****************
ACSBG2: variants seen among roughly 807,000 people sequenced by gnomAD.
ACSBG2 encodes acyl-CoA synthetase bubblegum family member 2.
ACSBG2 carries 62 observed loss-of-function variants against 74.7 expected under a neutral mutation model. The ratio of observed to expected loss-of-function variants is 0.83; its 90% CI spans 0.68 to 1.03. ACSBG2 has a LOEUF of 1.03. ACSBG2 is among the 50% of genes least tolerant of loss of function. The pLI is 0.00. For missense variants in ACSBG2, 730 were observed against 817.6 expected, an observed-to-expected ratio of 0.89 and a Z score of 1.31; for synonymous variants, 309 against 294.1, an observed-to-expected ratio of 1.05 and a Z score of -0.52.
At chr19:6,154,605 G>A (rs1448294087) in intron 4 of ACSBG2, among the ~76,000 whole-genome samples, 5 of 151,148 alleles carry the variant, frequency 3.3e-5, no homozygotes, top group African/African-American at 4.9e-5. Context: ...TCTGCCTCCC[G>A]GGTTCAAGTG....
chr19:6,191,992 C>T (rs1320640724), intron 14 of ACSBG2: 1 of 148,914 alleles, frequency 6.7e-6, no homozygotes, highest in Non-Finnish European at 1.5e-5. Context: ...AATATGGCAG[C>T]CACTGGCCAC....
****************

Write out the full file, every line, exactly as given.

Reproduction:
ACSBG2: variants seen among roughly 807,000 people sequenced by gnomAD.
ACSBG2 encodes acyl-CoA synthetase bubblegum family member 2.
ACSBG2 carries 62 observed loss-of-function variants against 74.7 expected under a neutral mutation model. The ratio of observed to expected loss-of-function variants is 0.83; its 90% CI spans 0.68 to 1.03. ACSBG2 has a LOEUF of 1.03. ACSBG2 is among the 50% of genes least tolerant of loss of function. The pLI is 0.00. For missense variants in ACSBG2, 730 were observed against 817.6 expected, an observed-to-expected ratio of 0.89 and a Z score of 1.31; for synonymous variants, 309 against 294.1, an observed-to-expected ratio of 1.05 and a Z score of -0.52.
At chr19:6,154,605 G>A (rs1448294087) in intron 4 of ACSBG2, among the ~76,000 whole-genome samples, 5 of 151,148 alleles carry the variant, frequency 3.3e-5, no homozygotes, top group African/African-American at 4.9e-5. Context: ...TCTGCCTCCC[G>A]GGTTCAAGTG....
chr19:6,191,992 C>T (rs1320640724), intron 14 of ACSBG2: 1 of 148,914 alleles, frequency 6.7e-6, no homozygotes, highest in Non-Finnish European at 1.5e-5. Context: ...AATATGGCAG[C>T]CACTGGCCAC....